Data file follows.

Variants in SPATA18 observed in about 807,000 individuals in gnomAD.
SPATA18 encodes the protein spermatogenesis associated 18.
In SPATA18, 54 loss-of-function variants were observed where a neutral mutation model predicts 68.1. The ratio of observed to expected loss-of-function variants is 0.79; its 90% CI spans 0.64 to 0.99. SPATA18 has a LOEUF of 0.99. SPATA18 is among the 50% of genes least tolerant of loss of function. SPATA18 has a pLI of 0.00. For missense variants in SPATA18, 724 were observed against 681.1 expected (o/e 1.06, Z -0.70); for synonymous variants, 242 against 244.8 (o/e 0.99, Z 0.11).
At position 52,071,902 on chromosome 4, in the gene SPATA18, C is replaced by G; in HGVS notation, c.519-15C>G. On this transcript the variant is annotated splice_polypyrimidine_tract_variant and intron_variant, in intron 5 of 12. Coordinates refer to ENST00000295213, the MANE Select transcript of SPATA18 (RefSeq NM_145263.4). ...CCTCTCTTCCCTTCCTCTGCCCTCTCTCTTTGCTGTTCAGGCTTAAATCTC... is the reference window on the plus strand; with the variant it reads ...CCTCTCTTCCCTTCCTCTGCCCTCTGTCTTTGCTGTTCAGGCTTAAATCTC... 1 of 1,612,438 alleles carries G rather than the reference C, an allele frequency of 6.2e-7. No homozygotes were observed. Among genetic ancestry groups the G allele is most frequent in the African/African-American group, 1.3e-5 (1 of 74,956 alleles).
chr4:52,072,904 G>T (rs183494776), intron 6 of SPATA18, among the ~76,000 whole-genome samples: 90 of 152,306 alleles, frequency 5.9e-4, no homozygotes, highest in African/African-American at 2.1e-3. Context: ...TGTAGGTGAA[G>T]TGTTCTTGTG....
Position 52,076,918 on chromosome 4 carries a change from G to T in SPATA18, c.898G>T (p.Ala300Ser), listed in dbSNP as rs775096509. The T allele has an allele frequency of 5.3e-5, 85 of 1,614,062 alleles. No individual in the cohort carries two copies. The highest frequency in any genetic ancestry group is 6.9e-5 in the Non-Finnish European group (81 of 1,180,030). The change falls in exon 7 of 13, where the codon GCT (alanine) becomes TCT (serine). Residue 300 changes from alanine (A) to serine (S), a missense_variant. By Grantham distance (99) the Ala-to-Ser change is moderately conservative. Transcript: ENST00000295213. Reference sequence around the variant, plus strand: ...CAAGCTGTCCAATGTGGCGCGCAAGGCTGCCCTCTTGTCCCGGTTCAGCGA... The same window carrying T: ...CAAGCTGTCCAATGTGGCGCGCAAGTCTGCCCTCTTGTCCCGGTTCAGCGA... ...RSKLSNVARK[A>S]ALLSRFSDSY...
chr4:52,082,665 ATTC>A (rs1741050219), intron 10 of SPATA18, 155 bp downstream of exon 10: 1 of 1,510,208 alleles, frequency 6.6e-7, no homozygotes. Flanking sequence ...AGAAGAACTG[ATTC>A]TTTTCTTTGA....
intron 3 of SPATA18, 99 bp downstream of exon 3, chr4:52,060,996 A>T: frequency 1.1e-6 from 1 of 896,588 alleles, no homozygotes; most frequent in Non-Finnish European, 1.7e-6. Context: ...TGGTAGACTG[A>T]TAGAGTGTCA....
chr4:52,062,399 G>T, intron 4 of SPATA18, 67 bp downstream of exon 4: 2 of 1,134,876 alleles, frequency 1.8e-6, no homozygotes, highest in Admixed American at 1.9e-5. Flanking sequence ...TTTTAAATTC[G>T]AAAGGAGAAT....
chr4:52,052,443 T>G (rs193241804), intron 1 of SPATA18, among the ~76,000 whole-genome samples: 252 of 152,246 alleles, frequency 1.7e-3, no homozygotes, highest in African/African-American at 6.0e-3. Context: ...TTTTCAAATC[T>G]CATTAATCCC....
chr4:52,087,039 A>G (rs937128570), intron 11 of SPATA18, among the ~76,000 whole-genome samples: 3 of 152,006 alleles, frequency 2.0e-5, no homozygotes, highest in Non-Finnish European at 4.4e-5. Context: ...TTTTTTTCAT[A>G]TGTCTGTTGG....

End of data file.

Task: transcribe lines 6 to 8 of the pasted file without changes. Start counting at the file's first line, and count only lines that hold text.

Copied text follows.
Position 52,076,918 on chromosome 4 carries a change from G to T in SPATA18, c.898G>T (p.Ala300Ser), listed in dbSNP as rs775096509. The T allele has an allele frequency of 5.3e-5, 85 of 1,614,062 alleles. No individual in the cohort carries two copies. The highest frequency in any genetic ancestry group is 6.9e-5 in the Non-Finnish European group (81 of 1,180,030). The change falls in exon 7 of 13, where the codon GCT (alanine) becomes TCT (serine). Residue 300 changes from alanine (A) to serine (S), a missense_variant. By Grantham distance (99) the Ala-to-Ser change is moderately conservative. Transcript: ENST00000295213. Reference sequence around the variant, plus strand: ...CAAGCTGTCCAATGTGGCGCGCAAGGCTGCCCTCTTGTCCCGGTTCAGCGA... The same window carrying T: ...CAAGCTGTCCAATGTGGCGCGCAAGTCTGCCCTCTTGTCCCGGTTCAGCGA... ...RSKLSNVARK[A>S]ALLSRFSDSY...
chr4:52,082,665 ATTC>A (rs1741050219), intron 10 of SPATA18, 155 bp downstream of exon 10: 1 of 1,510,208 alleles, frequency 6.6e-7, no homozygotes. Flanking sequence ...AGAAGAACTG[ATTC>A]TTTTCTTTGA....
intron 3 of SPATA18, 99 bp downstream of exon 3, chr4:52,060,996 A>T: frequency 1.1e-6 from 1 of 896,588 alleles, no homozygotes; most frequent in Non-Finnish European, 1.7e-6. Context: ...TGGTAGACTG[A>T]TAGAGTGTCA....